Thursday, 12 September 2013

When others went secular, The Blind Boys of Alabama stayed true to their gospel plans

When a young man approached Blind Boys of Alabama singer Jimmy Carter after a recent performance, he assumed he was just another fan coming to say he loved the show. But the young man said he'd been preparing to commit suicide, and that The Blind Boys of Alabama had stopped him just short.

"He had purchased a CD of ours and said he had been thinking about playing it," Carter says. "I forget the name of the song, but it had ended up saving his life."

For more than 70 years, this revered gospel ensemble has been delivering exactly that sort of hope and perseverance

The group's origin tale is the stuff of legend: Six boys, all around the age of 9, first sang together in the glee club at the Alabama Institute for the Negro Blind in Talladega in 1939. They formed the Happy Land Jubilee Singers and developed a reputation for singing to Southern soldiers training for World War II. They became known as The Blind Boys of Alabama through a friendly rivalry with another gospel group of blind boys from Mississippi. Of the founding members, only Clarence Fountain is still alive, performing when his health allows. Carter is an original Blind Boy, but he wasn't part of the Happy Land Jubilee Singers.

The Boys started singing together the year Billie Holiday recorded "Strange Fruit," which recounts a lynching and was released as a 78-rpm record. In April 1939, Marian Anderson had to perform outdoors at the Lincoln Memorial because the Daughters of the American Revolution barred her from singing in Washington D.C.'s Constitution Hall.

"We still talk about how times were back then," Carter recalls. "We started out in the South—you know how the South was in the '40s and '50s. But we survived all of that and we're still trudging along."

The Boys first recorded together in 1948 and toured throughout the 1950s as popular music began adding a black gospel edge. As soul and rhythm and blues labels wooed gospel acts to cross over into secular music, the Blind Boys kept to their traditional gospel songbook.

Carter cuts a belly laugh short. "We've had other opportunities. Sam Cooke sang with a gospel group, the Soul Stirrers, but he was off on another contract to do R&B," he says. "And we were there at the same time that they offered him to do that, and we had the same opportunity. We turned it down. Sam Cooke said 'I'll do it.'"

Fountain did leave the Blind Boys in 1969 to pursue such interests, but he returned a decade later. Meanwhile, the group lent their voices to the civil rights movement and backed popular acts on gospel tracks while cranking out albums of their own.Another kind of collaboration, with writer and director Lee Breuer of the Mabou Mines Theater Co., brought mainstream attention to the group. In his production The Gospel at Colonus, a Pentecostal version of Sophocles' Oedipus at Colonus, Breuer cast the Blind Boys to collectively play Oedipus. After its 1983 premiere at the Brooklyn Academy of Music's Next Wave Festival, The Gospel at Colonus won the Obie for best musical and an Emmy for a PBS television program of the original production. It was nominated for both a Tony Award and a Pulitzer Prize.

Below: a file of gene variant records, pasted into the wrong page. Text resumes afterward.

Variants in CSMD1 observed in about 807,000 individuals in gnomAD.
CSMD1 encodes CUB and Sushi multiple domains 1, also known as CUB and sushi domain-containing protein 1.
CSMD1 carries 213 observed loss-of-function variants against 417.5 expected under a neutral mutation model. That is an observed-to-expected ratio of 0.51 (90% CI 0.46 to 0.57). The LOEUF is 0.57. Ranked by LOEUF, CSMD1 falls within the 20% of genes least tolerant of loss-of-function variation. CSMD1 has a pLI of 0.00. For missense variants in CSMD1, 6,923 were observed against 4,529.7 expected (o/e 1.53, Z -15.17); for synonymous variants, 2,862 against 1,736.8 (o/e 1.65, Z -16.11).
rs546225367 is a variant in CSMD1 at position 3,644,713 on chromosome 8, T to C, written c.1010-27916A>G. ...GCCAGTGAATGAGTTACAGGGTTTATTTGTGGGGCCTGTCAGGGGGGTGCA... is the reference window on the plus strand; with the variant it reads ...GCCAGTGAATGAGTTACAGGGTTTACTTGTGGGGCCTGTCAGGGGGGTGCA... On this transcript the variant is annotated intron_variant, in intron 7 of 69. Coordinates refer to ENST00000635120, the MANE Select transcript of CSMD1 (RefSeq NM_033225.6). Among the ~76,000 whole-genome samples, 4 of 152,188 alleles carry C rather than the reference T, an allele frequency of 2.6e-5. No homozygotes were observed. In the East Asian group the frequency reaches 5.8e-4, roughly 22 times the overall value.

The Blind Boys subsequently became the go-to for gospel collaborators, even backing Peter Gabriel on Up and opening for him on a world tour. During the last two decades, they've sung with Vince Gill and Bonnie Raitt, Prince and Lou Reed.

For all their success—six Grammys, including a lifetime achievement award in 2009, among countless honors—the music has always come second to the message.

"We were determined to stick to our promise that we made when we started out that we were going to stick to gospel music," Carter says. "We were going to try to tell the world about Jesus Christ. We have a message that we'd like to give to the people. We'd like to give people hope and encouragement."

Perhaps nothing is more encouraging than Fountain's appearance on I'll Find a Way. He was too ill to travel to the Wisconsin sessions because of weekly kidney dialysis, so the crew recorded his vocals back in Birmingham and added them to the mix. That kind of historical connection speaks to the commitment that six boys made to one another all those years ago. Carter and his partners are on a mission.

"We sing to a lot of non-believers now. But, you know, we sing to them. We can plant a seed. We can't make it grow, but we can plant it," he says. "If they want it to grow, they can make it grow. But we can put it there."


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